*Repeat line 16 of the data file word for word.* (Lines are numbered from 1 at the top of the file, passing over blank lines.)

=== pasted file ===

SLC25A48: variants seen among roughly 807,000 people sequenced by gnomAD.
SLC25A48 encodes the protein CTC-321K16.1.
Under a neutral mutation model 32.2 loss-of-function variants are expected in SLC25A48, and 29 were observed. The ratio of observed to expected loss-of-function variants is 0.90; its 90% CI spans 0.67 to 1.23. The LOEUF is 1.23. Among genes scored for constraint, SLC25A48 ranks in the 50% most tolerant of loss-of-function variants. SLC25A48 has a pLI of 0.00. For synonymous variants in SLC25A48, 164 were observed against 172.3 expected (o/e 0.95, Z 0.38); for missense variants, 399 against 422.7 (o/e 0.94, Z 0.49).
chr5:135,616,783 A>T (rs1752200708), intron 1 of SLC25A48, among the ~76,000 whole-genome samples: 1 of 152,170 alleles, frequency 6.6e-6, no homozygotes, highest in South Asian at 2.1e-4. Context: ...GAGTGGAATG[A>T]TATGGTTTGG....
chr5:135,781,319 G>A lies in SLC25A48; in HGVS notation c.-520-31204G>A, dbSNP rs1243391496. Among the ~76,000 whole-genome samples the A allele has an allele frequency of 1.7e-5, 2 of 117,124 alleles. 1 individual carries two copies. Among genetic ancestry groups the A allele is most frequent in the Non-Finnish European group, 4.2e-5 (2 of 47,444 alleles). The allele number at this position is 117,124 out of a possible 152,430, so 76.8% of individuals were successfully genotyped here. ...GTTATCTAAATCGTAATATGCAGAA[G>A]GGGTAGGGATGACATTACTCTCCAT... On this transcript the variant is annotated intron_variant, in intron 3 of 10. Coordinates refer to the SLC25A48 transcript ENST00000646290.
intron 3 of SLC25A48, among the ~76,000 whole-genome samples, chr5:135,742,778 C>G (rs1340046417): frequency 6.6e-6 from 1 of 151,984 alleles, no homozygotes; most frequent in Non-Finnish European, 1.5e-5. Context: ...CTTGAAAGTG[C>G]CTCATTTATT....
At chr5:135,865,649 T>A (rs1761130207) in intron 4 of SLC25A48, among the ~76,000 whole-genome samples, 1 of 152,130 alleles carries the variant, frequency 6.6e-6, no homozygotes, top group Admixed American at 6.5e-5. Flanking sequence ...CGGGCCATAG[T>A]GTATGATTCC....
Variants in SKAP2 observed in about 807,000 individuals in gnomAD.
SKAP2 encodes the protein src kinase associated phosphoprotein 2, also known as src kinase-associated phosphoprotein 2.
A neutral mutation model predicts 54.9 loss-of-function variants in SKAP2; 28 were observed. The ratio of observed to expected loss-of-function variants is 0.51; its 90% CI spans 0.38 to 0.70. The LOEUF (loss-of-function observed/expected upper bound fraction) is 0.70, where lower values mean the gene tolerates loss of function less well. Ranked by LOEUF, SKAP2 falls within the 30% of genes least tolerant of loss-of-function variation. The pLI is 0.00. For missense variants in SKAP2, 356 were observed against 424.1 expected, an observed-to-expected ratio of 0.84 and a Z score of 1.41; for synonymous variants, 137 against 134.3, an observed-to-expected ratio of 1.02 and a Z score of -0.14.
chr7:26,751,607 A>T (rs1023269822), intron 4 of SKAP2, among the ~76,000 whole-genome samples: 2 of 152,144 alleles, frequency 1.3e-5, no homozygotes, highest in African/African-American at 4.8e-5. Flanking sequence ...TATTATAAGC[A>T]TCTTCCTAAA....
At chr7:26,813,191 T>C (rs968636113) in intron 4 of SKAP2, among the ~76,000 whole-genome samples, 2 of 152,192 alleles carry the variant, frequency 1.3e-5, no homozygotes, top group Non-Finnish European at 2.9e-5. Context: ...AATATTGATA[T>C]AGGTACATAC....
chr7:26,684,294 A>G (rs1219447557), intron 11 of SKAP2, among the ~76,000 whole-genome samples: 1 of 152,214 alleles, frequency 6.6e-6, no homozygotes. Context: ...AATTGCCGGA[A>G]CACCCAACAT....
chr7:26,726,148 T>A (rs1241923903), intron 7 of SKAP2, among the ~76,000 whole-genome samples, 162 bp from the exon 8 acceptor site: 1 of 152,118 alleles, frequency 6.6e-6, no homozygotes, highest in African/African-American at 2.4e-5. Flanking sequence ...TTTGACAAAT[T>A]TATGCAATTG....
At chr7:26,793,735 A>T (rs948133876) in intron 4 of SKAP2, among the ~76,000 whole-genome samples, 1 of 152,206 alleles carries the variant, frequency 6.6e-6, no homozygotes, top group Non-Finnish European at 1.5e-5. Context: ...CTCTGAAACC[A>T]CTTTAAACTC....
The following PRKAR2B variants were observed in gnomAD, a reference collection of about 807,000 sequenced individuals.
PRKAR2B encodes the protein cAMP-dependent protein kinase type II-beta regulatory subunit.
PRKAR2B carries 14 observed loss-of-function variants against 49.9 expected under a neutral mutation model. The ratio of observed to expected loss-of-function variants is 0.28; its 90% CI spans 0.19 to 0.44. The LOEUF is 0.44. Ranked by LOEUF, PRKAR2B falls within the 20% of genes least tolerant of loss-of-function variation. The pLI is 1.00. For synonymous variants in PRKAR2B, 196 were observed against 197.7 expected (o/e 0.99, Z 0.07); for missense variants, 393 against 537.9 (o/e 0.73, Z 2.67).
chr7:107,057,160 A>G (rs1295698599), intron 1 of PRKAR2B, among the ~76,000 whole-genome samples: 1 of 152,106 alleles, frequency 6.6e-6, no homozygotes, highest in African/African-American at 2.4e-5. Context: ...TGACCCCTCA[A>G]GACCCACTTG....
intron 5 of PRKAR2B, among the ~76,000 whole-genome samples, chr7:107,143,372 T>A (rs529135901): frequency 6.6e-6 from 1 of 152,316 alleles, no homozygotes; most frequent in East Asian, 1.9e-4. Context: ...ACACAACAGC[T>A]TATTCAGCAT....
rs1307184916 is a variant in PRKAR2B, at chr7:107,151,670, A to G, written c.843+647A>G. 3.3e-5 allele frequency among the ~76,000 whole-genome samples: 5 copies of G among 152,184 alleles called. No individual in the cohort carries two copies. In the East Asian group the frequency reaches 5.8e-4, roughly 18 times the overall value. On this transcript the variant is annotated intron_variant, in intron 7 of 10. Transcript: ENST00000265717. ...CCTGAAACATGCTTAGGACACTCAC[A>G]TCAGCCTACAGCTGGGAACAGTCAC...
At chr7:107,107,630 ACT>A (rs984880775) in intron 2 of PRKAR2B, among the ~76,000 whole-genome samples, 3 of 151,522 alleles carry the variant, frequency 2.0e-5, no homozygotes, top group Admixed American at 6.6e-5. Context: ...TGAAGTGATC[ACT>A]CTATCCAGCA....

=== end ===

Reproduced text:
The following PRKAR2B variants were observed in gnomAD, a reference collection of about 807,000 sequenced individuals.